FIG. 5B shows an embodiment of a MAC transmit circuit 170 portion of the double data rate SMII 16. The MAC transmit circuit 170 uses a clock signal having a first operating frequency, such as 125 MHz, to generate a data stream having a frequency that is twice the first operating frequency from two data streams that each have an operating frequency that is equal to the first operating frequency. Generating the data stream with a frequency that is twice the first operating frequency permits a single pin to be shared by two ports. Data may be latched in using both the rising-edge and the falling edge of the clock signal to generate the higher frequency data stream.

The MAC transmit circuit 170 receives the SMII_REF_CLK 172 and two receive data streams, TXD_EVEN 174 and TXD_ODD 176, from processing circuits within the MAC 12. The SMII_REF_CLK 172 is input to a delay circuit 178 and latches 181-183. A buffer 180 coupled to the output of the delay circuit 178 generates REF_CLK 132. Latches 181-183 latch in data from TXD_EVEN 174 and TXD_ODD 176. The delay circuit 178 generates a clock signal output that is delayed a quarter cycle. A combiner 184 combines latched data from TXD_EVEN 174 and TXD_ODD 176 to generate TXD 130. The MAC transmit circuit 170 transmits the TX_CLK 138 and transmit data, TXD, 130 to the PHY 14.

FIG. 6 shows timing diagrams for outputs and inputs of the PHY 14. The PHY inputs show the timing relation between the REF_CLK 90 and the TXD and TX_SYNC 92. For the PHY inputs the preferable values for Tsetup and Thold are −0.9 nsec and 2.7 nsec respectively. The PHY outputs show the timing relation between the RX_CLK 94 and RXD and RX_SYNC 96. For the PHY outputs the preferable values for Tsetup and Thold are 1.4 nsec and 1.2 nsec respectively. The duty cycle of RX_CLK is preferably 3.6 nsec minimum and 4.4 nsec maximum.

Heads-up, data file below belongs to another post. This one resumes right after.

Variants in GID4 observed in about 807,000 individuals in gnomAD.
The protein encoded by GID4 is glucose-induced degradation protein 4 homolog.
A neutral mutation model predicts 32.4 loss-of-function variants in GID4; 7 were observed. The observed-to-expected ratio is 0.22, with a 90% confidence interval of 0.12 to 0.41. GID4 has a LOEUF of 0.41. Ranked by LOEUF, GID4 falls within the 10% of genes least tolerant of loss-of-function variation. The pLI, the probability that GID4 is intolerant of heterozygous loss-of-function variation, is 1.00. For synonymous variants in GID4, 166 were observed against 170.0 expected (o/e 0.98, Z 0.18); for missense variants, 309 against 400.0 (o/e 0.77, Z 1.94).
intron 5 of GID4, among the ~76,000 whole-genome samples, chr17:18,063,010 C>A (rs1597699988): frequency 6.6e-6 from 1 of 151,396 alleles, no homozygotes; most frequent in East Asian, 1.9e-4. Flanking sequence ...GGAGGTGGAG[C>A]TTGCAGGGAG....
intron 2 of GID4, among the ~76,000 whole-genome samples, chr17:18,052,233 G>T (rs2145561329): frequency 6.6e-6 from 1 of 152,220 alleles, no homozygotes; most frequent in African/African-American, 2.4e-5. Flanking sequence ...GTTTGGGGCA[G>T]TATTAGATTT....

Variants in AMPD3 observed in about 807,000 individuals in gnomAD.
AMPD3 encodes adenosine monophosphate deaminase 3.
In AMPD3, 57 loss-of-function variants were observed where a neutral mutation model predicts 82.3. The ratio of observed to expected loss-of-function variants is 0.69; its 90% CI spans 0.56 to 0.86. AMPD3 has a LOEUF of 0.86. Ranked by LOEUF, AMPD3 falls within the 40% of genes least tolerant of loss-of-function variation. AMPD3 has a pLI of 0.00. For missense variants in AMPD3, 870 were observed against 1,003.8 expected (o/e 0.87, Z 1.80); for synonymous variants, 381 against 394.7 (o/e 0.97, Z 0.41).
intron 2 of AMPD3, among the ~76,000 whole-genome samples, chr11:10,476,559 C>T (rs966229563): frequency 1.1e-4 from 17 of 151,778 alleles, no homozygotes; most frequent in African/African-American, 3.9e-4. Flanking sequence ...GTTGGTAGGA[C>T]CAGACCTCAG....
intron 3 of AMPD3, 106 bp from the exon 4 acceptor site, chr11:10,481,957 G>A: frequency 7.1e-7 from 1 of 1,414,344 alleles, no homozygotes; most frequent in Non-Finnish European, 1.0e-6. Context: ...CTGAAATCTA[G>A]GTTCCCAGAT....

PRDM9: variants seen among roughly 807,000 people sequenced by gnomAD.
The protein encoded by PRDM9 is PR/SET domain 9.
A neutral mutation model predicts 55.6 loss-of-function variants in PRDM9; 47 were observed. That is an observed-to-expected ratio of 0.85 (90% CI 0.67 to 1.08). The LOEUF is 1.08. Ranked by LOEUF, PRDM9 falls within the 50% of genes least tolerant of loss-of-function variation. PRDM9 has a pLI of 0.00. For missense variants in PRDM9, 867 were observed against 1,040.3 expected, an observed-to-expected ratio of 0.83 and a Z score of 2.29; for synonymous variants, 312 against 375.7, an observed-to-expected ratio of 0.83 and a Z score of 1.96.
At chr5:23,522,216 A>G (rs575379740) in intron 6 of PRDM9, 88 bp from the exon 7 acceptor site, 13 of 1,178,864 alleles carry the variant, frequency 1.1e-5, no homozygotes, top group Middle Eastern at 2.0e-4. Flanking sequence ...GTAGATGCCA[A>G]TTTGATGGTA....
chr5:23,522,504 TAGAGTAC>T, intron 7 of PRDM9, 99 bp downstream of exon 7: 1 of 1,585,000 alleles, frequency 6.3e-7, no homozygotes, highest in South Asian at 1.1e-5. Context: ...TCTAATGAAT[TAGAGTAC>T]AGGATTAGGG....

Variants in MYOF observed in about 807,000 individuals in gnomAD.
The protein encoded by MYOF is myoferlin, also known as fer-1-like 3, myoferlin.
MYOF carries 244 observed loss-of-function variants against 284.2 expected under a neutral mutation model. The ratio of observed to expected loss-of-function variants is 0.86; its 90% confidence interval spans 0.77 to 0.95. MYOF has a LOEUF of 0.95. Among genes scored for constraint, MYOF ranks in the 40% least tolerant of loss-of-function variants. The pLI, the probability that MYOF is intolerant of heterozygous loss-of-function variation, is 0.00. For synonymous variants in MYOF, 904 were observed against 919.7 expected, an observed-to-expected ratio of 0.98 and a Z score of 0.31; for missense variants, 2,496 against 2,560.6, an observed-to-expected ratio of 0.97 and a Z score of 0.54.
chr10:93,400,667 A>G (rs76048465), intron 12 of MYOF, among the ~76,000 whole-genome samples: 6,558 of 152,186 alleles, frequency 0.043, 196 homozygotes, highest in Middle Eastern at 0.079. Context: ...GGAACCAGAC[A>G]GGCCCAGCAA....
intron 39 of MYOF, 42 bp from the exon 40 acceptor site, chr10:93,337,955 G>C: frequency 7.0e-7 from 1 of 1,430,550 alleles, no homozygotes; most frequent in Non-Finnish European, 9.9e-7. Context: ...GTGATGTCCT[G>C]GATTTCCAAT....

FIG. 7 shows timing diagrams for outputs and inputs of the MAC 12. The MAC outputs show the timing relation between the REF_CLK 100 and the TXD and TX_SYNC inputs 102. For the MAC outputs the preferable value for Tskew is 0.5 nsec. The MAC inputs show the timing relation between the RX_CLK 104 and the RXD and RX_SYNC 106. For the MAC inputs the preferable values for Tsetup and Thold are 1.0 nsec and 0.8 nsec respectively. The duty cycle of RX_CLK is preferably 3.6 nsec minimum and 4.4 nsec maximum.

A number of embodiments of the invention have been described. Nevertheless, it will be understood that various modifications may be made without departing from the spirit and scope of the invention. For example, the interface may interface a MAC to a MAC as well as a MAC to a PHY. Accordingly, other embodiments are within the scope of the following claims.

Patent Citations
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US6385208Jun 2, 1998May 7, 2002Cisco Technology, Inc.Serial media independent interface
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US7672326 *Mar 17, 2006Mar 2, 2010Marvell International Ltd.Serial media independent interface with double data rate
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Classifications
U.S. Classification370/419
International ClassificationH04L12/28
Cooperative ClassificationG06F13/385
European ClassificationG06F13/38A2